We first tried to increase -XX:SoftRefLRUPolicyMSPerMB to 20000 which helped a bit but still Java gc interfered with jgit's usage
of soft references. Therefore I added an option in jgit [5] to use strong references instead of soft references for the buffer cache.

Yeah, I saw that coming through. It is definitely something to try out.

We are using this
since a couple of weeks and observe more stable usage of the JGit buffer cache and less pressure on Java gc.

That looks really promising, thanks for sharing your experience with it.
We will also roll out this week Gerrit v3.2.0 with Java11 on GerritHub.io (2 out of 4 sites), so that we can compare the differences in the management of large heaps.

Luca.

<Mail Attachment>

Matthias Sohn

unread,
May 20, 2020, 6:35:51 PM5/20/20
to Luca Milanesio, Raviraj Karasulli, Repo and Gerrit Discussion
On Wed, May 20, 2020 at 11:57 PM Luca Milanesio <luca.mi...@gmail.com> wrote:


On 20 May 2020, at 22:38, Matthias Sohn <matthi...@gmail.com> wrote:

On Wed, May 20, 2020 at 11:04 AM Luca Milanesio <luca.mi...@gmail.com> wrote:


On 20 May 2020, at 06:48, Raviraj Karasulli <ravirajk...@gmail.com> wrote:

We also had an issue of Gerrit going into an 'end of the world' state when we increased the heap settings.
After increasing -XX:ParallelGCThreads we did not see it again.

We were using 74 G heap on a 128 G RAM and later increased to 188 G on 356 G RAM.

Parellel GC threads value of 16 seems to be working fine for 188 G.

Just curious to know what is the number of GC threads on the host Mathias is using :)

Matthias is also using a custom-built JVM made by SAP :-)

you are right, we use sapjvm 8.1 [1] which is basically the hotspot 10 JVM with JDK 8 class library
plus extensive diagnostics (monitoring, tracing, developer tooling). I especially like debugging on demand which
means you can switch on the debugger without restarting the JVM. Due to its license it is only available in SAP internally
and for SAP customers. I guess when we upgrade soon to 3.1 we will switch to sapmachine 11 which is open source [2].

Anyway, Java 8 can still trigger a SOW GC with large heaps, and that may even last tens of minutes for a “hundreds-Gigs” heap.
We definitely need Java 11 to have a GC that is optimised for large heaps.

out of curiosity I checked the gc logs of one of our servers for the last 2.5 days and found the longest full gc took 16.5 sec
not tens of minutes.

But your machine is a *monster-machine* also :-) I saw 160 CPUs, is that right?

yep, I agree it's a big one, though you didn't see the build server machines fetching changes from this server, they are even larger ;-)

We combine multiple Gerrit instances on each machine and isolate them from each other using Linux cgroups.
We have 2 test instances per productive instance (one for testing fixes and config changes, one for testing upgrades),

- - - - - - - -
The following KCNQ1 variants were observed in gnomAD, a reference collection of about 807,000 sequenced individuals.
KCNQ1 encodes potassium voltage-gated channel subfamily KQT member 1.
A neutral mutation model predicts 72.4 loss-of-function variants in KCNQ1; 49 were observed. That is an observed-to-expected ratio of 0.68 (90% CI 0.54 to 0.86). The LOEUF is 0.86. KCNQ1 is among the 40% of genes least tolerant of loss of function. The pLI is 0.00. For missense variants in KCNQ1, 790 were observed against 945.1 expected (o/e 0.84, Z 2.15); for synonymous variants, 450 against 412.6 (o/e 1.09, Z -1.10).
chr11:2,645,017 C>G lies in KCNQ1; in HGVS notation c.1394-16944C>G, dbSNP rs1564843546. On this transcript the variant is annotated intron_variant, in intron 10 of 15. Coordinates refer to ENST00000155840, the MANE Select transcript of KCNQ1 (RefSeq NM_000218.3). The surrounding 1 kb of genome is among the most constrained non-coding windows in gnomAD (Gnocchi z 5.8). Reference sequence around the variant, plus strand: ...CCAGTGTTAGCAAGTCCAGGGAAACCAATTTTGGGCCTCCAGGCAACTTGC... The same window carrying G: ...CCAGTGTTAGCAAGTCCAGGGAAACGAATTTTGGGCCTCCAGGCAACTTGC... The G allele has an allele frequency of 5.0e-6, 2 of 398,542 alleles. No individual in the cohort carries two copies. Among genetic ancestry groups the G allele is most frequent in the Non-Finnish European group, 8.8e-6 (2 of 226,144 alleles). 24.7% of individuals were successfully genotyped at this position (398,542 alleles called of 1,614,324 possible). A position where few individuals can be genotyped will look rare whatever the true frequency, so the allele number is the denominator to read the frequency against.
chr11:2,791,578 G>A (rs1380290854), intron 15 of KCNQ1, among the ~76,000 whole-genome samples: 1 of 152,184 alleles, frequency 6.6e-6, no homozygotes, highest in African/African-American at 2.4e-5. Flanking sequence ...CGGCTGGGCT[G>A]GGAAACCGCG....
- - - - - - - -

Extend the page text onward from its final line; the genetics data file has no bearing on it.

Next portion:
these test instances are installed on the same server but with smaller configuration (smaller heap etc.).
Normally one productive instance resides on the same machine with two test instances (which typically carry
little load most of the time). Only in case of a fail-over we may end up with two productive instances on one machine
which could overload this machine until the other one recovered from whatever failure it suffered from.

We are working on a kubernetes based setup to replace a few over-sized machines by a fleet of containers
running in the cloud which can more flexibly adapt to the current load and don't need to be (over-) sized to
survive peak load. There is still some way to go. We will start soon by first using kubernetes based slaves
replacing the docker based ones we are using today. We plan to implement auto-scaling so that slaves grow
and shrink depending on current load.
 
P.S. Our healthcheck has a timeout of 10s in production, that means that also with a monster-machine like yours, the node would still be declared unhealthy because it won’t be responding for over 10s.

Find more details in the corresponding gc report attached at the bottom of this email.
We don't configure the number of parallel threads used by G1GC so it uses the default (5/8 of available CPUs,
this would be 100, I observed 103).

In average we spend around 5% CPU on Java gc (see the gc diagram at the bottom right):

<Screenshot 2020-05-20 at 22.43.59.png>

If you look at the left side of the graph, I can see some “black bars” which indicates that Prometheus did not receive any data from the host: that is typically a symptom of a STW GC cycle.

Our monitoring stack runs on kubernetes in a different datacenter and sometimes there are network glitches.
We use a single monitoring installation for all of our Gerrit instances.

Elijah Newren

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May 21, 2020, 12:08:24 AM5/21/20
to Luca Milanesio, repo-discuss
A correction...

On Tue, May 19, 2020 at 9:41 AM Elijah Newren <new...@gmail.com> wrote:

> Just after git-2.26.0 was released (which flipped the v2 protocol to
> the default), Linux kernel folks reported that fetches expected to
> download small updates were instead forced to download gigabytes. The
> protocol v2 as default was even reverted; there are fixes for the v2
> protocol bugs and the protocol v2 as default was restored (in git
> master), but the fact that there were a bunch of reports just after v2
> was switched to the default made me worried there might be more issues
> lurking.
<snip>

Sorry, I misunderstood previously. Protocol v2's demotion from the
default has not been undone and the release notes will likely
prominently mention the demotion in the upcoming Git 2.27 release:

https://lore.kernel.org/git/xmqq5zcqu...@gitster.c.googlers.com/